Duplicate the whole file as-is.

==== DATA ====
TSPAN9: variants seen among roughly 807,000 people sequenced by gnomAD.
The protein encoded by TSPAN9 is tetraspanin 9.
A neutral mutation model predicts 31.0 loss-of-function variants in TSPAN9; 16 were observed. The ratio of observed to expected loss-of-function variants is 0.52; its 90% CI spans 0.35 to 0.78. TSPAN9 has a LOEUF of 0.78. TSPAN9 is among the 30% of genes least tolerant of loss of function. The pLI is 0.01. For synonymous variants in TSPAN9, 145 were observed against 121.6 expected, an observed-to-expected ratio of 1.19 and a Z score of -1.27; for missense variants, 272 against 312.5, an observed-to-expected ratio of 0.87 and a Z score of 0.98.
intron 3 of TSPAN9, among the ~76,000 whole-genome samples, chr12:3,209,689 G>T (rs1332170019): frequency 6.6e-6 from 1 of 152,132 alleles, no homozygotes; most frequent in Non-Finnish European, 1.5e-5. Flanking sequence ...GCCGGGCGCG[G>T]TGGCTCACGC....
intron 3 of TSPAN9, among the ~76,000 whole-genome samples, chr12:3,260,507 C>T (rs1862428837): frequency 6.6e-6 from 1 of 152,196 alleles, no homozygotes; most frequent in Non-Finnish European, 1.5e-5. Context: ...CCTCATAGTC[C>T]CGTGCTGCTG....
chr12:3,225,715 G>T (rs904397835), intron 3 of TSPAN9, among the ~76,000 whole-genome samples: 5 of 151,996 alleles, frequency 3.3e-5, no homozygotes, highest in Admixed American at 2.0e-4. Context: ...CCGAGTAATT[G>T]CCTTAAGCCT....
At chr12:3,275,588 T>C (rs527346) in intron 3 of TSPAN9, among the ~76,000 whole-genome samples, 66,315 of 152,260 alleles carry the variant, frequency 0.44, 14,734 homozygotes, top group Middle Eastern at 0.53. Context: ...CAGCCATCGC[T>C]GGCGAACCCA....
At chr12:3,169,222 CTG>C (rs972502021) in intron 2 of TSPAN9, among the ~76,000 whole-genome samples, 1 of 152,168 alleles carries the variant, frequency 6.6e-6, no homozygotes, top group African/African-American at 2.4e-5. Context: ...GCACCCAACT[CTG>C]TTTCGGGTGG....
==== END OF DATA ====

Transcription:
TSPAN9: variants seen among roughly 807,000 people sequenced by gnomAD.
The protein encoded by TSPAN9 is tetraspanin 9.
A neutral mutation model predicts 31.0 loss-of-function variants in TSPAN9; 16 were observed. The ratio of observed to expected loss-of-function variants is 0.52; its 90% CI spans 0.35 to 0.78. TSPAN9 has a LOEUF of 0.78. TSPAN9 is among the 30% of genes least tolerant of loss of function. The pLI is 0.01. For synonymous variants in TSPAN9, 145 were observed against 121.6 expected, an observed-to-expected ratio of 1.19 and a Z score of -1.27; for missense variants, 272 against 312.5, an observed-to-expected ratio of 0.87 and a Z score of 0.98.
intron 3 of TSPAN9, among the ~76,000 whole-genome samples, chr12:3,209,689 G>T (rs1332170019): frequency 6.6e-6 from 1 of 152,132 alleles, no homozygotes; most frequent in Non-Finnish European, 1.5e-5. Flanking sequence ...GCCGGGCGCG[G>T]TGGCTCACGC....
intron 3 of TSPAN9, among the ~76,000 whole-genome samples, chr12:3,260,507 C>T (rs1862428837): frequency 6.6e-6 from 1 of 152,196 alleles, no homozygotes; most frequent in Non-Finnish European, 1.5e-5. Context: ...CCTCATAGTC[C>T]CGTGCTGCTG....
chr12:3,225,715 G>T (rs904397835), intron 3 of TSPAN9, among the ~76,000 whole-genome samples: 5 of 151,996 alleles, frequency 3.3e-5, no homozygotes, highest in Admixed American at 2.0e-4. Context: ...CCGAGTAATT[G>T]CCTTAAGCCT....
At chr12:3,275,588 T>C (rs527346) in intron 3 of TSPAN9, among the ~76,000 whole-genome samples, 66,315 of 152,260 alleles carry the variant, frequency 0.44, 14,734 homozygotes, top group Middle Eastern at 0.53. Context: ...CAGCCATCGC[T>C]GGCGAACCCA....
At chr12:3,169,222 CTG>C (rs972502021) in intron 2 of TSPAN9, among the ~76,000 whole-genome samples, 1 of 152,168 alleles carries the variant, frequency 6.6e-6, no homozygotes, top group African/African-American at 2.4e-5. Context: ...GCACCCAACT[CTG>C]TTTCGGGTGG....